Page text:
Mr Meskenas claimed damages on the grounds of infringement of copyright, and infringement of the moral right to attribution and the right against false attribution.
The action for copyright infringement failed because Mr Meskenas was unable to demonstrate ownership of copyright in the portrait. The Copyright Act provides that the commissioner of a portrait owns the copyright in that work. The Federal Magistrate found that Dr Chang had commissioned the portrait and paid for the work through the provision of his services as a surgeon.
Moral rights claims
The Court found that ACP breached the moral right requiring it to attribute the author of the portrait and that there was no defence available. The Court considered that there was no ‘reasonable’ reason why Mr Meskenas could not have been identified in the caption and ACP did not attempt to rely on any evidence about relevant industry practice or voluntary code that would have supported its lack of attribution. Indeed, it incorrectly identified another artist as the author so there was no magazine policy against identification. The portrait was signed and the magazine did not prove that it would have suffered onerous expense or difficulty in identifying Mr Meskenas as the artist of the portrait.
ACP attempted to argue that it did not ‘intend’ to falsely attribute the authorship of the portrait. There was detailed discussion of the meaning of the term ‘false’ and the Court ultimately determined that ‘false’ bears a meaning of ‘objectively incorrect’ and the respondent’s intention was therefore irrelevant.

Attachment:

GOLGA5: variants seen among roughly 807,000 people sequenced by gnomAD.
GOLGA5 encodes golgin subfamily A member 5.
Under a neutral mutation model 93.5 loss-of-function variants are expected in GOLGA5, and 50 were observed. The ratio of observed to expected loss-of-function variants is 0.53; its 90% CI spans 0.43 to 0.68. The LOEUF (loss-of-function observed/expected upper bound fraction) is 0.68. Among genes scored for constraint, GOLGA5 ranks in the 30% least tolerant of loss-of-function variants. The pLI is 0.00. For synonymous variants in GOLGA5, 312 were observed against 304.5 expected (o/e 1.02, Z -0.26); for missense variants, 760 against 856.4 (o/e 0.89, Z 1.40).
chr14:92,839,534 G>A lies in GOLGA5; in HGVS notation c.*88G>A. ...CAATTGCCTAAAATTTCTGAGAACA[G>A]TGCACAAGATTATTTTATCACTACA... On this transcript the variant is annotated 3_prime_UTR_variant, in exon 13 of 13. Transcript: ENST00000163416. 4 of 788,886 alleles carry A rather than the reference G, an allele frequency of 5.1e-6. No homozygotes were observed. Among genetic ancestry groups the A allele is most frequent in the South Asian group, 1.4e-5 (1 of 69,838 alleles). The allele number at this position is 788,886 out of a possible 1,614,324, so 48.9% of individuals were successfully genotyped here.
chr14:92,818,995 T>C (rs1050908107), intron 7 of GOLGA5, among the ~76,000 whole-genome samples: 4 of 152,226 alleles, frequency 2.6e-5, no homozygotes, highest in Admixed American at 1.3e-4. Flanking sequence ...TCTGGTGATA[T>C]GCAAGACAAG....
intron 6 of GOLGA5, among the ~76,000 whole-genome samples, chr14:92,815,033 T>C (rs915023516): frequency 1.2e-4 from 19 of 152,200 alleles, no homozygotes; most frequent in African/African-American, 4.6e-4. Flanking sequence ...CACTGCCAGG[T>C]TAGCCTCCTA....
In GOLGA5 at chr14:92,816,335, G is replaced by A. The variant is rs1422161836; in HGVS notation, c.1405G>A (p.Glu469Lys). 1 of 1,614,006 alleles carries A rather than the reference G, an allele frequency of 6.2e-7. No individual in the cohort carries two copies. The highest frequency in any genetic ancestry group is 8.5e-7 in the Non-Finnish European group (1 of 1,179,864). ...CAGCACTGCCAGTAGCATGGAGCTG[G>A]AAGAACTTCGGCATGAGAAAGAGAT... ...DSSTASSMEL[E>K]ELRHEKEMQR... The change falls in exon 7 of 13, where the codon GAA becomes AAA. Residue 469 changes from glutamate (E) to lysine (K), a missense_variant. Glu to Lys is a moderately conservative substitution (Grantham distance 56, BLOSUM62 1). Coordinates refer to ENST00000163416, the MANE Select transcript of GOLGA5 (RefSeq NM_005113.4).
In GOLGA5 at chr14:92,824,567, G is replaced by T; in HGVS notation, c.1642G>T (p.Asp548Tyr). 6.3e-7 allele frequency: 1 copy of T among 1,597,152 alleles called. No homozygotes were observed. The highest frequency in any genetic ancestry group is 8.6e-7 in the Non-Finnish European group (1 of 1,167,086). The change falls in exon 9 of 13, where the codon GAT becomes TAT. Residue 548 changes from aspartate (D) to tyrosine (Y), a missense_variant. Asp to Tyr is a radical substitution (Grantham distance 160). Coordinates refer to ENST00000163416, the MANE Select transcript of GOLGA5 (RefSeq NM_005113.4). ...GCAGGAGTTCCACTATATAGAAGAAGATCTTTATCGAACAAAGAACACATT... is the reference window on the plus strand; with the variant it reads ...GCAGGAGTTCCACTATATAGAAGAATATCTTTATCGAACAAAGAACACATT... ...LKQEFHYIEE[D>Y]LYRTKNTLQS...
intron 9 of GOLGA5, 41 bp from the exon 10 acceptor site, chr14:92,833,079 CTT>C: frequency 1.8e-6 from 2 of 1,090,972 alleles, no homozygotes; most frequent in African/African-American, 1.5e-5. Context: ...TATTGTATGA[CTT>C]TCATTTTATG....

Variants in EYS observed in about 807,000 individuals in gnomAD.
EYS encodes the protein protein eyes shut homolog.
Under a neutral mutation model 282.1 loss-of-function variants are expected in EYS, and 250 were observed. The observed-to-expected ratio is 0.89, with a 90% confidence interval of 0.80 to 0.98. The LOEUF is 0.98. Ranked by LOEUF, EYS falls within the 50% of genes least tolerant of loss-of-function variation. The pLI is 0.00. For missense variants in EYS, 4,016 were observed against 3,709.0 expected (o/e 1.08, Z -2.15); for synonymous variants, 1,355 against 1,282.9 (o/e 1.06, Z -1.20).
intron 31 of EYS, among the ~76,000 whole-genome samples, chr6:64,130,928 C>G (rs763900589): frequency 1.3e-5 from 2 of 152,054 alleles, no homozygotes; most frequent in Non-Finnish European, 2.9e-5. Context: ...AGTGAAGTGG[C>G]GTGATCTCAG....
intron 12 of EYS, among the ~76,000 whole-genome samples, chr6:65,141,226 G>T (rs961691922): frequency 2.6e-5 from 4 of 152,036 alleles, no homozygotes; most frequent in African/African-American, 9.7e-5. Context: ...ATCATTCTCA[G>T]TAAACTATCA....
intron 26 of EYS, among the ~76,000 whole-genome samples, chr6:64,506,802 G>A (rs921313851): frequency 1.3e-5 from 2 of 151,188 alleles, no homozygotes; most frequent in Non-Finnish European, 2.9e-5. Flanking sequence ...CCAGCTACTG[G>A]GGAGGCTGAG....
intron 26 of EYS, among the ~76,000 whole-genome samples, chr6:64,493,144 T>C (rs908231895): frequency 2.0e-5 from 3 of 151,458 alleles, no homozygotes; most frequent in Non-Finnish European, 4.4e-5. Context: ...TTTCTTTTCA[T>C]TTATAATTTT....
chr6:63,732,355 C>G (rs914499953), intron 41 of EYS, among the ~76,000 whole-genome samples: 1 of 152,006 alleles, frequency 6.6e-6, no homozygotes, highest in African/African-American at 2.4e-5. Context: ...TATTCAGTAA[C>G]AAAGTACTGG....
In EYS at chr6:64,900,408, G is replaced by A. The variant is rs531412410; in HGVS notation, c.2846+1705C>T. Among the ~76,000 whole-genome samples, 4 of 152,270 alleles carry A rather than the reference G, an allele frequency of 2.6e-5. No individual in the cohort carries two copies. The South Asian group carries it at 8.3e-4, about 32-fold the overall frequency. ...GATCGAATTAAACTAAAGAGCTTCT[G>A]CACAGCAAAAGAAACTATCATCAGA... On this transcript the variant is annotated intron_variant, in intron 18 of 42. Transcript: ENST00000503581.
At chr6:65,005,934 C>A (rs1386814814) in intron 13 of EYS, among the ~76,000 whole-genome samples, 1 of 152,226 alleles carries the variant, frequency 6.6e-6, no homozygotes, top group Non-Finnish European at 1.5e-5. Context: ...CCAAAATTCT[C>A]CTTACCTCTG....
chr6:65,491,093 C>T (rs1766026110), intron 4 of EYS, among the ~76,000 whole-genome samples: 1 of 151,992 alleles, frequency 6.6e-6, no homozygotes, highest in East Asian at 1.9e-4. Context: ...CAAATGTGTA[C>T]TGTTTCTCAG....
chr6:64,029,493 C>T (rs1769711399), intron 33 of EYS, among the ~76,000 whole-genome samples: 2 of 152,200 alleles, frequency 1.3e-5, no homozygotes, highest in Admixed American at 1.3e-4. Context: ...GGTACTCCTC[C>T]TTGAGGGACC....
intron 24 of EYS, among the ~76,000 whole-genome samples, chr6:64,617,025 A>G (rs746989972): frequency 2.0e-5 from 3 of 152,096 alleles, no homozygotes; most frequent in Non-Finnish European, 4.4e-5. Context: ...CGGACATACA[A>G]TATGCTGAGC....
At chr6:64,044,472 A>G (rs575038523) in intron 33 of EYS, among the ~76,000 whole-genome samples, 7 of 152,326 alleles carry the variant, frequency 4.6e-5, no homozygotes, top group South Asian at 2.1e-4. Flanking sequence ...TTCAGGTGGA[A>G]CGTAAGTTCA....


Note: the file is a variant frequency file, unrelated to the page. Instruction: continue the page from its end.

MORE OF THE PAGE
The Court then considered the question of damages.
One of the most interesting aspects of the case was the comments made with respect to assessing damages for infringement of moral rights. As this issue had not been dealt with in Australian law previously, the Court was not guided by prior decisions. Somewhat surprisingly to many, the Court considered the compensation for a moral rights infringement as analogous to damages awarded for infringement of copyright.
In this case, nominal damages of $1,100 were awarded for the wrongful and non-attribution of the artwork and the distress caused to Mr Meskenas as a result.
The damages were nominal because Mr Meskenas had not suffered economic loss as a result of the infringement as no copies of the painting had been produced for sale nor had there been any other commercial dealing with the right. The magistrate found that the reputation of Mr Meskenas, a successful artist previously hung in the Archibald, was probably not significantly affected by the attribution error and any damage would have been alleviated by an early retraction on the part of ACP. Nonetheless, the Court noted that the error could conceivably have had some adverse affect on Mr Meskenas’ reputation.
Aggravated damages of $8,000 were also awarded as a result of the hurt caused to Mr Meskenas as a result of ACP’s conduct following the May 2005 meeting. The Court found that the magazine’s failure to provide a timely correction and the reversal of the copy of the portrait once a retraction finally appeared “should not go unremedied”.
Again, the magistrate explicitly treated damages for moral rights infringement as interchangeable with those awarded for copyright infringement in assessing aggravated damages.
ACP is expected to appeal this decision and it will be most interesting to see how the Federal Magistrate’s decision is treated on appeal.